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Resources for Sound Business Decisions.™

Defining a Business Buyer’s Criteria

Although a great deal of time, talent, and money can go into closing an acquisition, an acquisition is not an end in itself. A merger or acquisition is a process. A successful outcome to this process begins with the formulation of your “value drivers” and criteria, and extends beyond the closing until the desired benefits have been obtained.

Things like increasing revenues and profitability, adapting to shifting markets, responding to competitive pressures, extending global reach and gaining access to technologies are generalizations that could apply to just about any business today and are only useful when making general observations about the M&A environment.

Companies seeking to formulate their value drivers and financial criteria need to be much more specific. The critical question is: What exactly do you want to accomplish through the growth strategy of M&A? For companies with multiple strategic business units (SBU), that question should be addressed and answered for each SBU.

MoneySoft PDQ Deal Reviewer is a value-based system that helps create a more vivid picture of an acquirer’s strategic motivations for one or more SBU’s. The Deal Reviewer facilitates strategic thinking as it guides you through the process of identifying and ranking your “value drivers” and establishing the financial criteria an acquisition should meet to merit further evaluation. In addition, Deal Reviewer structures your “values” and criteria into an analytical tool that can be used to quickly screen acquisition opportunities.

Whether you use Deal Reviewer or a system of your own devising, understanding strategic motivations and defining financial criteria is a “best practice” that can be utilized to improve the overall effectiveness of a corporate M&A program, regardless of company size. The list below offers 9 reasons to undertake the process of establishing deal criteria.

  1. The process of defining strategic motivations and financial criteria facilitates strategic thinking and the development of fresh insights into the business and its future course.
  2. Decision-making is a process of “values clarification.” To the extent that a company’s values are better clarified, its decision making process is improved.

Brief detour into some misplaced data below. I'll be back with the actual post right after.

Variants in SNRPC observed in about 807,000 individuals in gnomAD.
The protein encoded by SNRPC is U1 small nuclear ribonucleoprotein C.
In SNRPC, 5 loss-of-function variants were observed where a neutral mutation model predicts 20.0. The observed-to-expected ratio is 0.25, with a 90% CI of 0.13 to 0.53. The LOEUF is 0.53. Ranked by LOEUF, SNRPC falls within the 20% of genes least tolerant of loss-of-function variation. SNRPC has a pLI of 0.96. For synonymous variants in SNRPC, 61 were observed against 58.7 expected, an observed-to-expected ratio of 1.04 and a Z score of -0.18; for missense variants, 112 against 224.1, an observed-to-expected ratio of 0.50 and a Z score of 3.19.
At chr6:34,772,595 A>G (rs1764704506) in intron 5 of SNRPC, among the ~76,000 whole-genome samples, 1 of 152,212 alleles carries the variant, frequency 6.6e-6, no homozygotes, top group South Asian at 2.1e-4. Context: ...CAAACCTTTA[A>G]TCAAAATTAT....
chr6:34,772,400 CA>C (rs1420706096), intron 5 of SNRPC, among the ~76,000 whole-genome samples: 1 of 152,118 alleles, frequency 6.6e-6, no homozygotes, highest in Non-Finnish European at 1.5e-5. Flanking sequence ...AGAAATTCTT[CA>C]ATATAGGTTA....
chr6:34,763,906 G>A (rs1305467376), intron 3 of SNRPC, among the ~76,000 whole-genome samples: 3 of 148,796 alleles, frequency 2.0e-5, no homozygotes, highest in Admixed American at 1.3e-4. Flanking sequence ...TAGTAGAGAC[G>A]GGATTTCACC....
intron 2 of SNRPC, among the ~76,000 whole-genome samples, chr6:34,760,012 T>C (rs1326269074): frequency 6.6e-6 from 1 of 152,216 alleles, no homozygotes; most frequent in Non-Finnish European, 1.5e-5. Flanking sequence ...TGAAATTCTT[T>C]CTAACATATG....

3. Values (strategic motivations and criteria) are fundamental to rational decision-making. Without clearly defined values, decisions are made based upon available alternatives. Defining values empowers you to choose whether any alternative is appropriate.
  4. In addition to facilitating strategic thinking, formal deal criteria helps to get key personnel on the same sheet of music.
  5. Deal criteria can be used as a rejection device for situations that are a poor fit. Being able to quickly separate the winners from the losers saves both time and money.
  6. Formal deal criteria, by definition, creates a profile of the type of company that is most desirable and makes it easier to target and find situations that fit and offer the desired values. Knowing what you want makes it much easier to find it.
  7. It’s a costly mistake to allow your desire for a company to define your strategy—it should be your strategy that defines your desire for a target. It has been noted that the theory determines the observation. Successful deals have a compelling strategic rationale, but they are not “rationalized.”
  8. The forward-thinking necessary to clarify values and establish criteria can facilitate post acquisition integration by placing emphasis on “life after the acquisition,” rather than the complexities of closing the deal. It’s easier to look beyond the deal when the deal is a means and not an end in itself.
  9. Being able to act fast is important. Knowing what you want allows you to quickly recognize and respond to it when you find it. In a hot M&A market, if you take too long to decide whether to seriously pursue a deal, it might be acquired by a competitor or another buyer.

Not all strategic motivators are equal. Some are more important that others. When evaluating acquisition candidates, each motivator should be evaluated and compared according to its relative importance. The system used in PDQ Deal Reviewer allows a weight to be assigned to each motivator. The target’s perceived capacity to meet the motivation is then rated so that a weighted rating for each motivator can be obtained along with an aggregate weighting for all strategic motivators.